On December 2, 2012, Los Angeles were celebrating their second consecutive domestic league championship in MLS and saying goodbye to some as yet unknown portion of the Beckham/Donovan/Keane troika for the last time. 135 miles south from Carson, California, through San Diego and into another California, a champion of far more continental significance was crowned on the same day. Club Tijuana Xoloitzcuintles de Caliente of Baja California, Mexico defeated Toluca in the home and away final to win the Apertura in Liga MX.
The Xolos bear the nickname of the Mexican hairless dog – believed to have been indigenous to Mexico for 3,000 years – but the club has only been in existence since 2006. The Xolos’ rise from non-existence to league champions makes TSG Hoffenheim look as if they are dallying. In a league where four clubs from Southern Mexico – Cruz Azul, America, Pumas UNAM, and Chivas Guadalajara – can claim almost the entirety of club support from the entire nation, Tijuana’s upstart club on the northern border of the country in one of the most notorious cities in North America have somehow waltzed away with the first ever league title in the newly christened Liga MX.
Tijuana serves as a decent surrogate for the hopes and fears of the recent restructuring and repackaging of Mexican football. Mexican football, after years of having a largely isolationist global football policy, have performed a complete reversal. The creation of Liga MX this year was designed to create a more fan friendly, corporate friendly Mexican top fight that would make people want to come to matches, spend money, and see many of their favourite stars who had been coaxed back form Europe to participate in the first season. Liga MX was so clearly intended to be a Mexican football version of the film franchise “reboot” that one half expected Christian Bale and/or Daniel Craig to appear.
Liga MX represents awareness of an opportunity to bring in more fans to the game, increase revenues for clubs, and raise the global profile of Mexican football. The Mexican moment has been evident on the field. Club teams have become more serious about international club competition success in both North and South America (after years of largely sleepwalking through both competitions on both continents). The National team has seen renewed investment as well, with a demolition job of the United States in the last CONCACAF Gold Cup and Olympic Gold in London.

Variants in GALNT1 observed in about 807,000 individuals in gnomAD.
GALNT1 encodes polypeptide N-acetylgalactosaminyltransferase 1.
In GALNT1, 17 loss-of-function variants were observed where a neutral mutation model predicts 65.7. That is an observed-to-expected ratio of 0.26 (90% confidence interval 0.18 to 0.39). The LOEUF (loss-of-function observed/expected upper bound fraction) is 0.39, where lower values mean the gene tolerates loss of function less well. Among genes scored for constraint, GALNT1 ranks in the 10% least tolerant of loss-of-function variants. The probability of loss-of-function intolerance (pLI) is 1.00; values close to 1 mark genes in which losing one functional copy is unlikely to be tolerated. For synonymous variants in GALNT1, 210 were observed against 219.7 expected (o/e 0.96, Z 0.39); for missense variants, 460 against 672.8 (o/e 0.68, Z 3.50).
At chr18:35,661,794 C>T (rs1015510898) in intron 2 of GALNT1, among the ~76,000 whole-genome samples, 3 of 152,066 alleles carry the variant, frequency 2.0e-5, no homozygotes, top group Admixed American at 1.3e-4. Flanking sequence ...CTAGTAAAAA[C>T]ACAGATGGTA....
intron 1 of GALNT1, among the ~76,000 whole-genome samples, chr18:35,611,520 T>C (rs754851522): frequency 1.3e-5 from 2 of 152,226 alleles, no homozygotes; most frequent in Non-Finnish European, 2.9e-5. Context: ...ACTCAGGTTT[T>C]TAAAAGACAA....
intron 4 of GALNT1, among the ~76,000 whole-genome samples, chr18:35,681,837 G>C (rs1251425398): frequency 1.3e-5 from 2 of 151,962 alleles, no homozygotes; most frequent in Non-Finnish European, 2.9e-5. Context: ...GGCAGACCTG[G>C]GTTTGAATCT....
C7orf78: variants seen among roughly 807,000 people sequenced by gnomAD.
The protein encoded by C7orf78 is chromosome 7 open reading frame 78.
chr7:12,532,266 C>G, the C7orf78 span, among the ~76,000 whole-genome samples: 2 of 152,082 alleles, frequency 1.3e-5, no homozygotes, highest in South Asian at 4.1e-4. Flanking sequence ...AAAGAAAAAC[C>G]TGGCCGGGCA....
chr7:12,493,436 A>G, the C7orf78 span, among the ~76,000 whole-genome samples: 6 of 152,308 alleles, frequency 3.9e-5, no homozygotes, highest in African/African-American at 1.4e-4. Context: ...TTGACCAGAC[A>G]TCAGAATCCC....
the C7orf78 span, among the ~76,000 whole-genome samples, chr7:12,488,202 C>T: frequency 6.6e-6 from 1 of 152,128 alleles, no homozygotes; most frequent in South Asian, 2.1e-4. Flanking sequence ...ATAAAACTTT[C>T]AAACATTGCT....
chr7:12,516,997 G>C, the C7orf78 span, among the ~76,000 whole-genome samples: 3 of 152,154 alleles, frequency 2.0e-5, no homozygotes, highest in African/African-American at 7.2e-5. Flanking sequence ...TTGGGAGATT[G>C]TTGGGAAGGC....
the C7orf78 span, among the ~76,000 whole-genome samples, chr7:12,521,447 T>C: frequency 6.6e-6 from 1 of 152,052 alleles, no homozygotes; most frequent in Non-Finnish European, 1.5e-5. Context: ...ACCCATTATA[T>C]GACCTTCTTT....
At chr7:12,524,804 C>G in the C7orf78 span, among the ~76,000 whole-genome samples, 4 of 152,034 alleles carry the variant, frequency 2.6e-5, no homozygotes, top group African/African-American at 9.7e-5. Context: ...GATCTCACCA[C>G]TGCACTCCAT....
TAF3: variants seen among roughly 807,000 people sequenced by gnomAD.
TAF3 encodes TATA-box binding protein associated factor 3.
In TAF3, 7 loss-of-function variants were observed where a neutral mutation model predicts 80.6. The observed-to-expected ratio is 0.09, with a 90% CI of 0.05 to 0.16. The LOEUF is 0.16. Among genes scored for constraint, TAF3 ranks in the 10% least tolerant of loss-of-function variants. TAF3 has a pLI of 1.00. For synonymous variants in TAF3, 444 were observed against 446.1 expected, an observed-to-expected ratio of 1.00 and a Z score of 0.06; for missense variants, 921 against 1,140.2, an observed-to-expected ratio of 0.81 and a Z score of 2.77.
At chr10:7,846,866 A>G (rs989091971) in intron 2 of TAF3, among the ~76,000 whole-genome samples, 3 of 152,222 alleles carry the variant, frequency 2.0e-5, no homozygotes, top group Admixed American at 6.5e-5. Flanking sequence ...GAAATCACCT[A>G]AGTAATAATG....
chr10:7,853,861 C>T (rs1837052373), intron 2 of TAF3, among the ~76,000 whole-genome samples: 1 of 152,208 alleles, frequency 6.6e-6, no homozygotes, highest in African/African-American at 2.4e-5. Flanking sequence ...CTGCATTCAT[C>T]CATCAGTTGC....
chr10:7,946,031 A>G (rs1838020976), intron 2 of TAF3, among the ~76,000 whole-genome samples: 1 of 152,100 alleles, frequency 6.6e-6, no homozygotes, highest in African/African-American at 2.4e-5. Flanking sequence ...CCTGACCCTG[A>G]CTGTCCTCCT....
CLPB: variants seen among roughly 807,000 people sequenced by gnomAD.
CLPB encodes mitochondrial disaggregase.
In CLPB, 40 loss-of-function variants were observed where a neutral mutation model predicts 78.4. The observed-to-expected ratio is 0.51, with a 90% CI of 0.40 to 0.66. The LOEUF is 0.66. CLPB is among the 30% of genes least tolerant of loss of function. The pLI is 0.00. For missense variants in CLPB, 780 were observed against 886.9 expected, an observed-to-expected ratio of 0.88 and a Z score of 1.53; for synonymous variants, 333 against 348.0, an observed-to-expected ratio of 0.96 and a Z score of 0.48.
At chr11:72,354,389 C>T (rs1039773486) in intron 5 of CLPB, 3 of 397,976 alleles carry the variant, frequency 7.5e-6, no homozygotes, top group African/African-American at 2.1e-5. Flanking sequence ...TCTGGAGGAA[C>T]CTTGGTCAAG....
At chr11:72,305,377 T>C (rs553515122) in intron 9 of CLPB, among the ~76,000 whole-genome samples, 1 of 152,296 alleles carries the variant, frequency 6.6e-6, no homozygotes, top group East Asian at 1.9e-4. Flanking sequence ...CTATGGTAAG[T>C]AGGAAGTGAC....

The meteoric rise of Tijuana fits the pattern of this larger sea change in Mexican football. The Xolos’ success promises not only the potential for expansion of the game in the Northwest region of Mexico, but Tijuana is also quite famously (notoriously, some may say) a stones’ throw from the United States. The USA’s rapidly awakening soccer market and large émigré community opens up a whole new set of economic possibilities for Mexican football. These possibilities appear to be real enough that Univision simulcast the Liga MX Apertura final in English for American audiences. What’s more, USA international Edgardo Castillo and US Olympic qualifying star Joe Corona happen to play professionally for Tijuana. Club America of Mexico City is one of Mexico’s most popular teams, but Club Tijuana plans to sustain its growth by becoming America’s Mexican club team.
The problem with this vision, as with all of the promise one can find across Mexico’s economic, political, and social life, is that “ifs” always remains so tantalisingly elusive south of the border. The richness of Mexico’s culture and people always offer so much promise, but the stilting social and economic problems of the country are such that Mexico can never seem to shake them off. Here too, Club Tijuana represents Mexican football in miniature.
While the Xolos’ story has been a chance for citizens of Tijuana to highlight the artistic and cultural elements of the city, Tijuana remains a place largely under the firm grip of Pacific Coast drug cartels, with violence receding only when everyone knows which organised criminals are truly the ones in charge. Human and drug trafficking remain major sources of income in the city. Even while Mexico tries to move into the future as a modern, model 21st century global citizen in the community of nations, Mexican households still pay in excess of two billion dollars in bribes in order to receive basic government services.
Tijuana’s story serves as a reminder that Mexico has a singular history, and that the power of the modernisation of Mexico lies in the potential combination of what is uniquely Mexican with what is comfortably modern. The Xolos’ Apertura campaign represents this image that Mexico can be better-organised, foster civic pride, compete, and display Mexican style to the biggest stages. But Tijuana is still Tijuana – good and bad – as Mexico is still Mexico. The seasons of Mexico’s economic and cultural future, like the seasons for Tijuana in Liga MX, promise never to be a completely finished story, for the next season might always bring new possibilities…or new disappointments.
Steven Maloney writes about football and politics. He also holds a PhD in Political Theory from the University of Maryland and is a political science lecturer at the University of Wisconsin-River Falls. You can follow him on twitter here.